I don’t know anyone that doesn’t have good intentions, do you? The majority of the people of this world have every desire to accomplish and do good things, whether for themselves or others. Those with bad intentions rarely admit it, anyways.
We’ve all heard the sayings, “The road to hell is paved with good intentions” & “Good intentions are not enough”. There are movies, books, and even Travis Tritt sang a song about having the Best Of Intentions.
But what all does that mean, exactly? Do good intentions really mean anything? Think about it. You don’t refer to something that has been done or is in the process as a good intention. You call it an accomplishment.
My life has been full of good intentions. One after the other. Some turned into accomplishments, some into failures where I could at least say I tried, others, well, they are still those same old good intentions. The only person that feels good knowing that I had those intentions is me. It really means nothing to anyone else. In fact, my lack of acting out said intentions may have let down or outright hurt others. But if I tell myself “At least I had good intentions” then I can let go of my guilt and go on about my merry way. The truth is, my doing that is wrong…
An intention is not meant to live forever as an intention. Much like a caterpillar builds a cocoon and becomes a butterfly, our intentions are meant to have a brief life that’s meant to become something much greater. When they don’t transform as they are supposed to, they become stagnant and worthless. We may still see the beauty in them, because they were our own, but no one else will. Kinda makes you think “What’s the point?”, right? Good, because that is exactly what every single other person is thinking.
You see, I’m really writing this as a message to myself. Lately I have had a truck load of good intentions that never flourished. I made promises to myself that I would do things around the house, in homeschool, for my family, for others, and even to God that I never did. I resonated with the fact that at least I had good intentions to accomplish these things, but in the end I only feel like I let everyone down. Even if they didn’t know about it. I feel terrible. I’m determined to change this bad habit, but if I continue being lazy, procrastinating, and ignoring my plans those good intentions will never come to be what they could become: Something wonderful.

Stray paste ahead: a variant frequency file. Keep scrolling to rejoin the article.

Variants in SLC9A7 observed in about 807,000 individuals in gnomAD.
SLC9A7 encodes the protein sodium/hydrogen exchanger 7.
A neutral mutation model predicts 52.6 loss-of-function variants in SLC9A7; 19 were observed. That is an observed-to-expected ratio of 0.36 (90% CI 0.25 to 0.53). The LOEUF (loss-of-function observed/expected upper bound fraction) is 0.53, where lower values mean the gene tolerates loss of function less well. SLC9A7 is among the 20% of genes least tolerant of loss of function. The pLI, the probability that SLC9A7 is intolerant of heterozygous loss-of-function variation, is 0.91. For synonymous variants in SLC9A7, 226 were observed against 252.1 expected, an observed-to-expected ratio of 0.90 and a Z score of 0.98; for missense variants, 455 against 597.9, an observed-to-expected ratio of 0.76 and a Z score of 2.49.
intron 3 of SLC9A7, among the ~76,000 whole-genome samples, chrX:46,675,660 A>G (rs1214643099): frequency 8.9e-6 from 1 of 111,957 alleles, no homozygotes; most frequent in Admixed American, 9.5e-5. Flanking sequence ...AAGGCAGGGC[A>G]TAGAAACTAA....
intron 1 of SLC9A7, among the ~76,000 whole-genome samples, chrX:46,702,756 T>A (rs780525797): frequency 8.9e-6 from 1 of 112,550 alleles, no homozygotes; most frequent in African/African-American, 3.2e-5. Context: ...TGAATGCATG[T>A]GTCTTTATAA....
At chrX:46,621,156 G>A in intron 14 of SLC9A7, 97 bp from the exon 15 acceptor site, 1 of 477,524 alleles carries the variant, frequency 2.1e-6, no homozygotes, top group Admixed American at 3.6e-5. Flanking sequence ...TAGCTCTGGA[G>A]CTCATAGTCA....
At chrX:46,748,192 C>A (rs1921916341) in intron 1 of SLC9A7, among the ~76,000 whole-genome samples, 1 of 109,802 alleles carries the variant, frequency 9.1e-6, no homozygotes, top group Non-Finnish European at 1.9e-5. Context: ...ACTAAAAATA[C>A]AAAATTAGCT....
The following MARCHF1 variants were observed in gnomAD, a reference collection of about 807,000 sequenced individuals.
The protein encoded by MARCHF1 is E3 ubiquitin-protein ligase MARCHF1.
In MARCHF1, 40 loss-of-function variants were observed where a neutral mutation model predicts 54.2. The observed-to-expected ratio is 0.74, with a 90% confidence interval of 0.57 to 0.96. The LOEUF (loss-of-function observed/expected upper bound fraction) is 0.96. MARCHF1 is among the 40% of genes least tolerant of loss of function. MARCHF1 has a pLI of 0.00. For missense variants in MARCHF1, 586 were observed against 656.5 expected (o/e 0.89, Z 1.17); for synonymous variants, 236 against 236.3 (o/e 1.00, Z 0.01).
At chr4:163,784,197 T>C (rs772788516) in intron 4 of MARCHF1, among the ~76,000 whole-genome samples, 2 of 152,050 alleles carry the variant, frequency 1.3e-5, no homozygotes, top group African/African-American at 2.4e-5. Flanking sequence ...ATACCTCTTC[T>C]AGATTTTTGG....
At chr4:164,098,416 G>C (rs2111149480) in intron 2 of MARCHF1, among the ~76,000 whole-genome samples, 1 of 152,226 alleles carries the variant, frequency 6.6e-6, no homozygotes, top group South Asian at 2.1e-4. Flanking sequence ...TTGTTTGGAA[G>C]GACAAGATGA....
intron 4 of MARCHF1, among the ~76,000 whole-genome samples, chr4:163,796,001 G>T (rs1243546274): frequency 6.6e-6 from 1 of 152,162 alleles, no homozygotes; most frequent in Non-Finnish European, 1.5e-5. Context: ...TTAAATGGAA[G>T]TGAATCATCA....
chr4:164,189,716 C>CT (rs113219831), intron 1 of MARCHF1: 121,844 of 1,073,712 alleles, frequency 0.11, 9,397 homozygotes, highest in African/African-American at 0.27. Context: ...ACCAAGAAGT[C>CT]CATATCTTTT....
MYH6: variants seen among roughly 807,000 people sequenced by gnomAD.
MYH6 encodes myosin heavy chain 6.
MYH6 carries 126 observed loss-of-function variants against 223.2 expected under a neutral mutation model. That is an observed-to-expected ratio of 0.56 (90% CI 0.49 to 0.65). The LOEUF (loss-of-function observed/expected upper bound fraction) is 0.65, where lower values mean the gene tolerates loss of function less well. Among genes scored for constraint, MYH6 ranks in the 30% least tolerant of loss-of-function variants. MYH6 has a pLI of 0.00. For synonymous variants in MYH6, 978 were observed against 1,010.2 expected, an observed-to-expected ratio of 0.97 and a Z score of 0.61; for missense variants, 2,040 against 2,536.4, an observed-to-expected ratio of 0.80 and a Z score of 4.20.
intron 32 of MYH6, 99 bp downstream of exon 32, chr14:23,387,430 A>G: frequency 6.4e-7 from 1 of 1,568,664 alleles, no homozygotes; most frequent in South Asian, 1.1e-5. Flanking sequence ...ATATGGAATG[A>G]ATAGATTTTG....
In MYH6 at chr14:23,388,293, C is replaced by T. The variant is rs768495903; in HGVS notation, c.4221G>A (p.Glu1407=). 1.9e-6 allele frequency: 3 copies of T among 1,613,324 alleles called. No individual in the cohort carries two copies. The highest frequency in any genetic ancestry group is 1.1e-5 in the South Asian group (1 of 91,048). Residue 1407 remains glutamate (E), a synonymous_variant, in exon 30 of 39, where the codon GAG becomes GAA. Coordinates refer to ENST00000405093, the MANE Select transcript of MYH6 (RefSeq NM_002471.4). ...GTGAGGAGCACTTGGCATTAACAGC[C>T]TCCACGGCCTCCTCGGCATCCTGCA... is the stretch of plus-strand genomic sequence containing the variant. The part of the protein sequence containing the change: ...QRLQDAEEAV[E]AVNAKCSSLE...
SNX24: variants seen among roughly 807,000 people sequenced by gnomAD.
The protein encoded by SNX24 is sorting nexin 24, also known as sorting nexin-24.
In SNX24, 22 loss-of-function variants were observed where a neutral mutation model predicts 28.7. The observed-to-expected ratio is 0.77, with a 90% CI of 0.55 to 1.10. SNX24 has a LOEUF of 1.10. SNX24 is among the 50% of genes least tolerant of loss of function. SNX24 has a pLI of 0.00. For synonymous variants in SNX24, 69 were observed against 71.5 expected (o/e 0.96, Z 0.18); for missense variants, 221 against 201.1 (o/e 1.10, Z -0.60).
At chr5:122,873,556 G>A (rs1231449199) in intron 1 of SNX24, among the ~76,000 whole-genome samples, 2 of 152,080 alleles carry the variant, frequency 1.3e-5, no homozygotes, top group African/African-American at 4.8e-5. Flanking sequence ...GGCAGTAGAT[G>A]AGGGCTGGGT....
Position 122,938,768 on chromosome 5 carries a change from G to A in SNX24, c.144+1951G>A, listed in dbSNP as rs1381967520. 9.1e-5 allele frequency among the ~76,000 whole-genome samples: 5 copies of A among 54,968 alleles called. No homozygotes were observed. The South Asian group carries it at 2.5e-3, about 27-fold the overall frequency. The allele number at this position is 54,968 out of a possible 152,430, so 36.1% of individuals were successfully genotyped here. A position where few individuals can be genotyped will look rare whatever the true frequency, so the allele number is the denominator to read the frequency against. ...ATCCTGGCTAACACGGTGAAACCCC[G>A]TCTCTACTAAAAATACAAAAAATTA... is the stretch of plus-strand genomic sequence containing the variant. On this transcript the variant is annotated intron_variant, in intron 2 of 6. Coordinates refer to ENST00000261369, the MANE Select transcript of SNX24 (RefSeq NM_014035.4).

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Another point I want to make is that Hebrews 4:12 in NKJV says:
For the word of God is living and powerful, and sharper than any two-edged sword, piercing even to the division of soul and spirit, and of joints and marrow, and is a discerner of the thoughts and intents of the heart.
However, when you read Hebrews 4:12 translated in The Amplified Bible, it really brings things to perspective:
For the Word that God speaks is alive and full of power [making it active, operative, energizing, and effective]; it is sharper than any two-edged sword, penetrating to the dividing line of the breath of life (soul) and [the immortal] spirit, and of joints and marrow [of the deepest parts of our nature], exposing and sifting and analyzing and judging the very thoughts and purposes of the heart.
If God knows the heart, then He knows that some of those good intentions we have were not really as important to us as we say they were. After all, if it was that important to us, wouldn’t we have finished the task? Something to think about.
In a nutshell, in all of my rambling I’m trying to say this: A little less good intentions a little more action please. Actions speak louder than good intentions. No one will remember me for my good intentions, so if I don’t do anything I intend, I’m not going to be remembered for much. (Not exactly the kind of legacy I want to set forth…)
From this day forth: I will try harder to be more realistic with my plans, stop lying to myself, and be honest with God and not put Him off.
What about you? What are some ways that you’ll turn your well meaning plans into accomplishments?